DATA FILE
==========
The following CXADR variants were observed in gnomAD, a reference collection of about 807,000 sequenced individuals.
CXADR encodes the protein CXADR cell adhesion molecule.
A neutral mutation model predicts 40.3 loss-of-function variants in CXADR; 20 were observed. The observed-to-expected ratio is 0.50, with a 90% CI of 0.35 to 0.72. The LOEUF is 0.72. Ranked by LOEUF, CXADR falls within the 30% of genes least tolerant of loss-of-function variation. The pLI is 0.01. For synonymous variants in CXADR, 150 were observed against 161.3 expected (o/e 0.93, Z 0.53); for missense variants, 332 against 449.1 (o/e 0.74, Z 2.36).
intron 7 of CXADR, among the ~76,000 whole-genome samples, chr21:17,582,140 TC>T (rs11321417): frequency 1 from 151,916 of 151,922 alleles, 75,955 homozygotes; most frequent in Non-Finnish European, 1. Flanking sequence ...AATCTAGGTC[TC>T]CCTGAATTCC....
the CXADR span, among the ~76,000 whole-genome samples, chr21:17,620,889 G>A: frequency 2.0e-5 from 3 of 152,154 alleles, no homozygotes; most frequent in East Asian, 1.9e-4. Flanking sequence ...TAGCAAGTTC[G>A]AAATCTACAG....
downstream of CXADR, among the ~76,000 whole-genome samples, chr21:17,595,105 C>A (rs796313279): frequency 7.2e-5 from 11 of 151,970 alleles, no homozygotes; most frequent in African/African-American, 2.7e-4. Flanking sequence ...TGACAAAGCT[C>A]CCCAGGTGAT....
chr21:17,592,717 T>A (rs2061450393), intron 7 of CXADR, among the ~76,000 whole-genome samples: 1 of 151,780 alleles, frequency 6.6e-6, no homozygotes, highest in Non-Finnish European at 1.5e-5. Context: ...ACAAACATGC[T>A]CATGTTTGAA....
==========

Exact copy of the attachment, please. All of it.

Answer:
The following CXADR variants were observed in gnomAD, a reference collection of about 807,000 sequenced individuals.
CXADR encodes the protein CXADR cell adhesion molecule.
A neutral mutation model predicts 40.3 loss-of-function variants in CXADR; 20 were observed. The observed-to-expected ratio is 0.50, with a 90% CI of 0.35 to 0.72. The LOEUF is 0.72. Ranked by LOEUF, CXADR falls within the 30% of genes least tolerant of loss-of-function variation. The pLI is 0.01. For synonymous variants in CXADR, 150 were observed against 161.3 expected (o/e 0.93, Z 0.53); for missense variants, 332 against 449.1 (o/e 0.74, Z 2.36).
intron 7 of CXADR, among the ~76,000 whole-genome samples, chr21:17,582,140 TC>T (rs11321417): frequency 1 from 151,916 of 151,922 alleles, 75,955 homozygotes; most frequent in Non-Finnish European, 1. Flanking sequence ...AATCTAGGTC[TC>T]CCTGAATTCC....
the CXADR span, among the ~76,000 whole-genome samples, chr21:17,620,889 G>A: frequency 2.0e-5 from 3 of 152,154 alleles, no homozygotes; most frequent in East Asian, 1.9e-4. Flanking sequence ...TAGCAAGTTC[G>A]AAATCTACAG....
downstream of CXADR, among the ~76,000 whole-genome samples, chr21:17,595,105 C>A (rs796313279): frequency 7.2e-5 from 11 of 151,970 alleles, no homozygotes; most frequent in African/African-American, 2.7e-4. Flanking sequence ...TGACAAAGCT[C>A]CCCAGGTGAT....
chr21:17,592,717 T>A (rs2061450393), intron 7 of CXADR, among the ~76,000 whole-genome samples: 1 of 151,780 alleles, frequency 6.6e-6, no homozygotes, highest in Non-Finnish European at 1.5e-5. Context: ...ACAAACATGC[T>A]CATGTTTGAA....